How to improve stir-fry technique


May 14, 2008|By Erica Marcus | Erica Marcus,Newsday

Why are my vegetable stir-fries always watery? When I order stir-fries in Chinese restaurants, the vegetables are perfectly cooked, and there's no liquid at the bottom of the plate.

I'm guessing here, but I'll bet it's because you haven't got a professional range in your kitchen. At Chinese restaurants, chefs cook over burners that generate anywhere from 80,000 to 150,000 British thermal units of heat. The average home range musters 8,000 to 14,000 Btu.

There are, however, some techniques the home cook can use to help overcome this pitiable lack of heat. You should use the hottest burner you have for stir-fries and keep it turned up as high as it will go. Let your pan heat up for a couple of minutes before you start cooking. Heat it up dry and add the oil just before you add the food; otherwise, the oil will burn.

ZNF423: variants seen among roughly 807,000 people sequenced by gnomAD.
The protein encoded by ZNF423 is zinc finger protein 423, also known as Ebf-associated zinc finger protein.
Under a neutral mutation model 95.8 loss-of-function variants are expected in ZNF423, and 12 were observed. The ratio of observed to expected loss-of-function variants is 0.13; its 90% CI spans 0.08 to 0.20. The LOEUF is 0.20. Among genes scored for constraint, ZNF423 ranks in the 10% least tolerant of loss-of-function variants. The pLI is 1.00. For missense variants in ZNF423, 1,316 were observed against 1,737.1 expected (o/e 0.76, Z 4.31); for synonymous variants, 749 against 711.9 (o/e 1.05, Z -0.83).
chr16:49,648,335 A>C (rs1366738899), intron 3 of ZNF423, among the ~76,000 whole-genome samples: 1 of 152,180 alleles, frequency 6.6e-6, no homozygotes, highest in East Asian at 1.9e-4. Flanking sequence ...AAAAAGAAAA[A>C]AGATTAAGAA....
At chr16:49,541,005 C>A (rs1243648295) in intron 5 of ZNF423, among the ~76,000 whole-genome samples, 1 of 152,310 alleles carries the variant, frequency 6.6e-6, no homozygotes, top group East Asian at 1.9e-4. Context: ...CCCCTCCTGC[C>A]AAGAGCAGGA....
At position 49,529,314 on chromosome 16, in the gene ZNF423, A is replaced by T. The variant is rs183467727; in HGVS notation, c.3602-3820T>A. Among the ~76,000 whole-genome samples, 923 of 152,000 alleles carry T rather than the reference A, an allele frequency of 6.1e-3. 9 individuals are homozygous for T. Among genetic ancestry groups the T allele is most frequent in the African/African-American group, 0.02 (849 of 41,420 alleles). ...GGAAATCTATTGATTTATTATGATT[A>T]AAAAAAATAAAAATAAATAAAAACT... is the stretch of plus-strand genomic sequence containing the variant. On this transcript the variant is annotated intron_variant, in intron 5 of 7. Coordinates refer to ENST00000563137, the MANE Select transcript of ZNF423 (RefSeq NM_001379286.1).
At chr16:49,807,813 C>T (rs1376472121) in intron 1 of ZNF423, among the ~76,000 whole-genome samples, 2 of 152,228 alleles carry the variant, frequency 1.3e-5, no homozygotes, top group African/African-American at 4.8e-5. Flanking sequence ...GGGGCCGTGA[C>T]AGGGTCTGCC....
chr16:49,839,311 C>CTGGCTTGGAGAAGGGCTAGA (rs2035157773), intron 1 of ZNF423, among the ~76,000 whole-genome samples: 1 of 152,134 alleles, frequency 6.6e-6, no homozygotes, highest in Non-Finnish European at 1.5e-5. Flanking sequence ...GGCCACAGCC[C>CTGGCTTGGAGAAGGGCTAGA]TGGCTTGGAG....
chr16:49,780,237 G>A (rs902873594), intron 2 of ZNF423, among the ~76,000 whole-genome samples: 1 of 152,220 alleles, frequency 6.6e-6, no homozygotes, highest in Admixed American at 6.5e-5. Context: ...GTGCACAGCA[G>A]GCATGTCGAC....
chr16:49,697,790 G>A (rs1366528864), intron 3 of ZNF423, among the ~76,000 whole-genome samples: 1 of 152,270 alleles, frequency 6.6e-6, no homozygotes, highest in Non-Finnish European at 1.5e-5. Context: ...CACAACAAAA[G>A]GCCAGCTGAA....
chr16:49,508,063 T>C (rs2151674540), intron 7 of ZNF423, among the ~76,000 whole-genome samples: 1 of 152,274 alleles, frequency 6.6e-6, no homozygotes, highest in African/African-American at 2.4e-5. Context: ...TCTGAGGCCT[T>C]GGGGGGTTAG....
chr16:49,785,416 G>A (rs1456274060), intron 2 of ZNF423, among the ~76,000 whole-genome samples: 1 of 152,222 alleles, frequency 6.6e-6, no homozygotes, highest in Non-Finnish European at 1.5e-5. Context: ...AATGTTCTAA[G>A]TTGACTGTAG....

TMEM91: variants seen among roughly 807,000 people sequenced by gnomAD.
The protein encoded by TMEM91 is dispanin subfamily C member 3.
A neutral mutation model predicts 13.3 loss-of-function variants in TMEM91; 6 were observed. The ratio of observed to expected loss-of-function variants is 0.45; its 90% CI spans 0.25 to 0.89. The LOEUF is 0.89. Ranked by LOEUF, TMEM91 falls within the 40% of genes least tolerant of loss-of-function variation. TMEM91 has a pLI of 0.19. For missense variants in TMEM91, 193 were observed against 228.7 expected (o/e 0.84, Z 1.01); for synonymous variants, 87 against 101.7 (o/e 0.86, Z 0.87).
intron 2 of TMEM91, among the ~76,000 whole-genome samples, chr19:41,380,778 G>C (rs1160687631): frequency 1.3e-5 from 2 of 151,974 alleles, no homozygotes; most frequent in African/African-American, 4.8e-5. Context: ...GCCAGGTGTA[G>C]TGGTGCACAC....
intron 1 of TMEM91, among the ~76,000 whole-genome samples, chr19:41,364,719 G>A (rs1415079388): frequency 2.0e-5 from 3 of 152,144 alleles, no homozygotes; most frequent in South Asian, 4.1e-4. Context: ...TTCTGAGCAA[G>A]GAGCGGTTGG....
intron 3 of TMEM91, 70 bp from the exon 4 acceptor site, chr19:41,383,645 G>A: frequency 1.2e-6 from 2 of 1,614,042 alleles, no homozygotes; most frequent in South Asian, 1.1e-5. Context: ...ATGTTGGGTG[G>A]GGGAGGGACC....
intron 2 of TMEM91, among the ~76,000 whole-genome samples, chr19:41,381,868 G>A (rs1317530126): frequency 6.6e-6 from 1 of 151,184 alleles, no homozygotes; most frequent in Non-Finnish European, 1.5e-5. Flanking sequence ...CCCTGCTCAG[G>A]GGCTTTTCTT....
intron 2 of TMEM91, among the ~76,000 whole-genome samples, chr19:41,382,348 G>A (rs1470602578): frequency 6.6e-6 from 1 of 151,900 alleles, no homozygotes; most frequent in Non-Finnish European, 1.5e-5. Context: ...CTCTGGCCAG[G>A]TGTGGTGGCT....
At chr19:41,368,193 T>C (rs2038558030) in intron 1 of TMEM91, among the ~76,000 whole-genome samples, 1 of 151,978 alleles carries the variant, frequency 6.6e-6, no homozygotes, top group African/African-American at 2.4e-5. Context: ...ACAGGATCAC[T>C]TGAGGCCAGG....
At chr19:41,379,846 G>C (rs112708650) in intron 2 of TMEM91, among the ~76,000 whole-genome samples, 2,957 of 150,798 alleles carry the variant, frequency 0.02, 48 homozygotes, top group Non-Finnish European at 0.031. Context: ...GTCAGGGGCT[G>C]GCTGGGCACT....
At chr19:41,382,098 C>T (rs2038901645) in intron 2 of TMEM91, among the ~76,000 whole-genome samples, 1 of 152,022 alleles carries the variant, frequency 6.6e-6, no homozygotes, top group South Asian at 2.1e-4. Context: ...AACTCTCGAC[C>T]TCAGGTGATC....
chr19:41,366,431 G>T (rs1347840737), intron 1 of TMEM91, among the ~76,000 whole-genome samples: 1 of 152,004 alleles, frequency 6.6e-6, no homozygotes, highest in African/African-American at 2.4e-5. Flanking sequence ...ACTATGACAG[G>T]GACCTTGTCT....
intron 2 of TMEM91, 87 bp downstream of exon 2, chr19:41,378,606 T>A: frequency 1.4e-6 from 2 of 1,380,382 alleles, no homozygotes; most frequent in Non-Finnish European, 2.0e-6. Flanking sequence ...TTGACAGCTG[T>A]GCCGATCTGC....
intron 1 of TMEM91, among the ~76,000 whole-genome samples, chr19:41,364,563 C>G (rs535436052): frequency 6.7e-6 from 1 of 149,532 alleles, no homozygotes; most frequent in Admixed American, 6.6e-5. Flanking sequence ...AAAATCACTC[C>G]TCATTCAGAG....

All pans are not equally fit for stir-frying. Grace Young, the Chinese cooking expert, suggests home cooks use a 14-inch flat-bottomed wok made of heavy-gauge carbon steel. I've found that a 12-inch cast-iron skillet also works well for stir-frying.

Don't try to stir-fry in nonstick pans (they can't take high heat) or in pans with high, narrow sides, because this will discourage evaporation. Make sure your vegetables are completely dry before you cook them; otherwise, they will steam in their own moisture. Spin them in a salad spinner, and then pat them dry with a towel.

Erica Marcus writes for Newsday.

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